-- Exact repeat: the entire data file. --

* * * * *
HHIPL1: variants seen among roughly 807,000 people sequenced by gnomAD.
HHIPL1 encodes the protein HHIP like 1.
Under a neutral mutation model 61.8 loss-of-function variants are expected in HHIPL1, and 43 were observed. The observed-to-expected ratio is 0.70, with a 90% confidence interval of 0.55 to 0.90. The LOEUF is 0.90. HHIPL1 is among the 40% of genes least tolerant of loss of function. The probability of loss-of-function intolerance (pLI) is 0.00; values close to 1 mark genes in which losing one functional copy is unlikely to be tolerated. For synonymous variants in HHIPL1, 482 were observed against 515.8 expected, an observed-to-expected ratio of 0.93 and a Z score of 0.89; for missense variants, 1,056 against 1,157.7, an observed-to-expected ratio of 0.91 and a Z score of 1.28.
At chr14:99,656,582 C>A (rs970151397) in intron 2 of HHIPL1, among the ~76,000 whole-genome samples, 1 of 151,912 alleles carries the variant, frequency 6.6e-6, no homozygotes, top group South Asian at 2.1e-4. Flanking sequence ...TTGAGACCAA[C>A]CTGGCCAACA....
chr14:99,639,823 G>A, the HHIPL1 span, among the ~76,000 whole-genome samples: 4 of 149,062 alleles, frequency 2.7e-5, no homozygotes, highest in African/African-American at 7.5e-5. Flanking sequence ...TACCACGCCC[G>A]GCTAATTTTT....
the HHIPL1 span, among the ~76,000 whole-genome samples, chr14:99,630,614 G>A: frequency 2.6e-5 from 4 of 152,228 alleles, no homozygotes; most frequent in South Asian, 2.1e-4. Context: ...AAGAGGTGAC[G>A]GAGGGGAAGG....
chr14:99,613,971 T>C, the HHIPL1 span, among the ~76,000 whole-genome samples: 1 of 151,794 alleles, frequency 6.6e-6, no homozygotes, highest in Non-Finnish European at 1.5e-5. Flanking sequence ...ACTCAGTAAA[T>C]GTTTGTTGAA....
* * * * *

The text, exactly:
HHIPL1: variants seen among roughly 807,000 people sequenced by gnomAD.
HHIPL1 encodes the protein HHIP like 1.
Under a neutral mutation model 61.8 loss-of-function variants are expected in HHIPL1, and 43 were observed. The observed-to-expected ratio is 0.70, with a 90% confidence interval of 0.55 to 0.90. The LOEUF is 0.90. HHIPL1 is among the 40% of genes least tolerant of loss of function. The probability of loss-of-function intolerance (pLI) is 0.00; values close to 1 mark genes in which losing one functional copy is unlikely to be tolerated. For synonymous variants in HHIPL1, 482 were observed against 515.8 expected, an observed-to-expected ratio of 0.93 and a Z score of 0.89; for missense variants, 1,056 against 1,157.7, an observed-to-expected ratio of 0.91 and a Z score of 1.28.
At chr14:99,656,582 C>A (rs970151397) in intron 2 of HHIPL1, among the ~76,000 whole-genome samples, 1 of 151,912 alleles carries the variant, frequency 6.6e-6, no homozygotes, top group South Asian at 2.1e-4. Flanking sequence ...TTGAGACCAA[C>A]CTGGCCAACA....
chr14:99,639,823 G>A, the HHIPL1 span, among the ~76,000 whole-genome samples: 4 of 149,062 alleles, frequency 2.7e-5, no homozygotes, highest in African/African-American at 7.5e-5. Flanking sequence ...TACCACGCCC[G>A]GCTAATTTTT....
the HHIPL1 span, among the ~76,000 whole-genome samples, chr14:99,630,614 G>A: frequency 2.6e-5 from 4 of 152,228 alleles, no homozygotes; most frequent in South Asian, 2.1e-4. Context: ...AAGAGGTGAC[G>A]GAGGGGAAGG....
chr14:99,613,971 T>C, the HHIPL1 span, among the ~76,000 whole-genome samples: 1 of 151,794 alleles, frequency 6.6e-6, no homozygotes, highest in Non-Finnish European at 1.5e-5. Flanking sequence ...ACTCAGTAAA[T>C]GTTTGTTGAA....